Photo by Maresa Smith
Marijuana poisoning in dogs is a very real thing. If your pooch managed to scarf down some of your edibles, here's what happens and how to treat them.
Ever since cannabis has gained legal status around the country, and the world, marijuana poisoning in our k9 friends has been on the rise.
It’s not uncommon for dog owners and cannabis users to experience the panic that comes with realizing your dog just scarfed down an edible that would’ve kept you couch-locked.
Before any of that happens, we created this guide to help you navigate what to do in those scary situations. Here’s what happens when your dog eats weed and how to treat it. Plus, here are some preventative tips for the future.
Photo courtesy of Add Weed.
More often than not, you’ll hear a lot more about marijuana poisoning in dogs than in cats.
Although some cats are quite the scavengers and eat whatever’s in sight, this is mostly a problem with dogs, especially those big enough to reach what’s on the counter.
Something else worth noting is how dogs can suffer marijuana poisoning from any part of the plant;
They can even be exposed to cannabis if they ingest the feces of someone who’s recently consumed it.
There are a few different ways dogs can be exposed to marijuana poisoning.
Just like how your body reacts to different methods of ingestion, so do k9s. The most common cases of marijuana toxicity in dogs result from the following;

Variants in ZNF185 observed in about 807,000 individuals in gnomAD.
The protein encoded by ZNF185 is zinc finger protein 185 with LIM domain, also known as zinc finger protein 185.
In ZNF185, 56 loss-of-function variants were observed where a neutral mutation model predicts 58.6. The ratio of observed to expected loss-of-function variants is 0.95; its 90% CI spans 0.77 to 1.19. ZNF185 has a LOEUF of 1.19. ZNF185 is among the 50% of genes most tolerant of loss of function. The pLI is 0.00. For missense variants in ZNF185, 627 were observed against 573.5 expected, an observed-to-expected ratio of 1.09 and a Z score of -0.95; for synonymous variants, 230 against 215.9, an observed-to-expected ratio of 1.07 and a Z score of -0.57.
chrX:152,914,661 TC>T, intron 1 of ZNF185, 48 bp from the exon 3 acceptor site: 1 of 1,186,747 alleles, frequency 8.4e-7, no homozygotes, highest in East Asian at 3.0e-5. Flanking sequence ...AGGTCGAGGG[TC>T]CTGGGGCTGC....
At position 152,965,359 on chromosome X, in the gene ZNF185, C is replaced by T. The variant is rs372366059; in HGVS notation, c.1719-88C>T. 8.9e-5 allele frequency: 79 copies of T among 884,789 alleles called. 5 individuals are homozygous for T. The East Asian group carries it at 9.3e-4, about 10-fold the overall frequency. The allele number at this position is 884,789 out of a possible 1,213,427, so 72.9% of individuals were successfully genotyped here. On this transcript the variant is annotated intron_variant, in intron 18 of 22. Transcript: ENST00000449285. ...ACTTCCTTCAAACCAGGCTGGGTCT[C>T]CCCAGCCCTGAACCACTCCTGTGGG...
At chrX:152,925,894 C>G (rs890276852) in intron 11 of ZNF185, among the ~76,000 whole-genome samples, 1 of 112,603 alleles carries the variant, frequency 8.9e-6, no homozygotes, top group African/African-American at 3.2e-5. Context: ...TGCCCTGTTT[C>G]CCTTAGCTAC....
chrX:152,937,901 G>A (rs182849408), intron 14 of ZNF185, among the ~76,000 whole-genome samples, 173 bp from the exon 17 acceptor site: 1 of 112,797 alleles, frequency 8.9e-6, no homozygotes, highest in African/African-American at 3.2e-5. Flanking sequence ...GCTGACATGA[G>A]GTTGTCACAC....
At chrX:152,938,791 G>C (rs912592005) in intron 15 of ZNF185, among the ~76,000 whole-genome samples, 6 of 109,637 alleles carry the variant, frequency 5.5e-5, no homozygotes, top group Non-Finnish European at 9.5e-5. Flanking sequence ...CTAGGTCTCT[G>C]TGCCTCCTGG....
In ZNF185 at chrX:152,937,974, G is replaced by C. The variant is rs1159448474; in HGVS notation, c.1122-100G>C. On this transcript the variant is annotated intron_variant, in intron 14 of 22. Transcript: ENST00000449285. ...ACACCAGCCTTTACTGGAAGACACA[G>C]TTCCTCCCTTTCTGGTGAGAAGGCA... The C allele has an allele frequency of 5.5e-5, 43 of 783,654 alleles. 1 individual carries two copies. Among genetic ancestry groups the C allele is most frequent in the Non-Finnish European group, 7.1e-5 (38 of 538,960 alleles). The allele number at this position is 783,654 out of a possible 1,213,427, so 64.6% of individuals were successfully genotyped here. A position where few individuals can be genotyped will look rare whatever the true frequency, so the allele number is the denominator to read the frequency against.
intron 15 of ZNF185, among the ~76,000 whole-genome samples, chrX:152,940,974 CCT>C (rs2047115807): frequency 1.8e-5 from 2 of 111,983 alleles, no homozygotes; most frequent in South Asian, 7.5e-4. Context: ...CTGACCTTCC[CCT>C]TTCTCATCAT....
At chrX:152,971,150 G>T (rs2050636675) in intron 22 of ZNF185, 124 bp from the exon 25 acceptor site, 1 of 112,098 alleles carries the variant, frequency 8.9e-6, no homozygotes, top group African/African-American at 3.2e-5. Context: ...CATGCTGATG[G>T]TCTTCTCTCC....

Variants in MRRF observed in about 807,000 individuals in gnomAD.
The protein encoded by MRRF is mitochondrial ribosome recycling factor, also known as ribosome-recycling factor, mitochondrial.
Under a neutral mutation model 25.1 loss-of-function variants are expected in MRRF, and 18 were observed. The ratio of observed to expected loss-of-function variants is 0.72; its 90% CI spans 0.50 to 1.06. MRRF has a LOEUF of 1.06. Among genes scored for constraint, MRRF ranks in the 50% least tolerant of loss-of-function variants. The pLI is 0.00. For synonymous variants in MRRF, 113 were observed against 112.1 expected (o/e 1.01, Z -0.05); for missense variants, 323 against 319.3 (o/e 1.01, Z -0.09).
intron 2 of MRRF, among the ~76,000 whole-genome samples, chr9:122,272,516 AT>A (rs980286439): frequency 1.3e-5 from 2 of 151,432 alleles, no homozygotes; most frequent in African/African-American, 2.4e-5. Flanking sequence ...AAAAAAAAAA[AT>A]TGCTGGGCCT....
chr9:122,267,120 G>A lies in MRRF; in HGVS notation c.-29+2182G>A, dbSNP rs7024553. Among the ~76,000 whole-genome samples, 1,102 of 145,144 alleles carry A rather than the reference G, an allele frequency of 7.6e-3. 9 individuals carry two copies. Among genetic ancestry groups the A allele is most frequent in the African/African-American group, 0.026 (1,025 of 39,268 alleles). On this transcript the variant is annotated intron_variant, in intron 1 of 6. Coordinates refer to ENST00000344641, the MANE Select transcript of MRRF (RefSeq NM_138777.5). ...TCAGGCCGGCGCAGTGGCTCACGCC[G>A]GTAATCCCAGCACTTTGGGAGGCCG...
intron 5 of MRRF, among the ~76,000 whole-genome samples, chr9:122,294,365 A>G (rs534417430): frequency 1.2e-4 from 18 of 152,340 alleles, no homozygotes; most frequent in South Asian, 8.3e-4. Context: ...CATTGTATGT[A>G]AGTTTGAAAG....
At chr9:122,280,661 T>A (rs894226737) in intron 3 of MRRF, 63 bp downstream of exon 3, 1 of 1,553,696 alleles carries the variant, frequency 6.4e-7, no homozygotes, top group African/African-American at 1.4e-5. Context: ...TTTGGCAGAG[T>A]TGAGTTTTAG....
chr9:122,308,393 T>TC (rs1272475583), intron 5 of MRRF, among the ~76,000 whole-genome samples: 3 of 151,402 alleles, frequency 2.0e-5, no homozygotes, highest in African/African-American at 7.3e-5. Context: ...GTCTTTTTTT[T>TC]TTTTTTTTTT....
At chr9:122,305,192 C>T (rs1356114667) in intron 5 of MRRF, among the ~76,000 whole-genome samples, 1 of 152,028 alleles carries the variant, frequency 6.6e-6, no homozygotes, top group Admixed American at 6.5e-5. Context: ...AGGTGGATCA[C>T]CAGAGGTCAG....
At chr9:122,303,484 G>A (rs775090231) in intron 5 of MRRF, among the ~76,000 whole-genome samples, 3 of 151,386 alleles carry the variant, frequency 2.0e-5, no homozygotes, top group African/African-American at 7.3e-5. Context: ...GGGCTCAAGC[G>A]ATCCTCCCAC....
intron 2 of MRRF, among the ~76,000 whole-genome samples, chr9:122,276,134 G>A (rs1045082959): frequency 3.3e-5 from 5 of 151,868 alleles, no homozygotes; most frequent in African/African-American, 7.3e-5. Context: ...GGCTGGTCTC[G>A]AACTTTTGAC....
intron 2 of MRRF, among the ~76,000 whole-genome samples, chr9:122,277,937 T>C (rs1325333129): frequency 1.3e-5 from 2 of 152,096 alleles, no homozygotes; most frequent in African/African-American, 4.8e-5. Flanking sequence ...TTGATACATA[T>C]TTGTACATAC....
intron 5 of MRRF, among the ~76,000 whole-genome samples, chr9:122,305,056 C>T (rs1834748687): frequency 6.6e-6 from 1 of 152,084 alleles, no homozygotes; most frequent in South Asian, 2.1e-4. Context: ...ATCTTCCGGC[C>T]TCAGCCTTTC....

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The culprit that causes marijuana poisoning in our four-legged companions is the psychoactive cannabinoid THC, which is responsible for the high.
Dogs often have much stronger reactions to THC, which can appear within thirty minutes to an hour after it’s eaten. The following symptoms are most common in dogs with marijuana poisoning;
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Depending on how severe your dog’s situation is, the first step we’d suggest is calling your local vet immediately.
Some dogs don’t need much treatment but are monitored for a few hours after ingestion. Your dog might need to visit an animal hospital and get hooked up to an IV in more extreme cases.
These extreme cases also require what’s called intralipid therapy. This process infuses a lipid to help bind marijuana and let it digest and pass through the body at a faster rate.
Symptoms usually disappear within a couple of days after treatment. Still, it’s important we mention that your pup might need further treatments if they ingest a chocolate edible, considering they’re already allergic to chocolate.
Prevention should be straightforward; keep your edibles, weed, and any other cannabis products far from where your dog can reach.
Ideally, your products should be stored in a cool, dark place anyways, so this also helps prevent your pups from snagging one of your treats.
Living under a government (state or federal) that allows you to consume marijuana comes with responsibilities. As the consumer, it’s your job to ensure you take the proper precautions to avoid scary situations like this.
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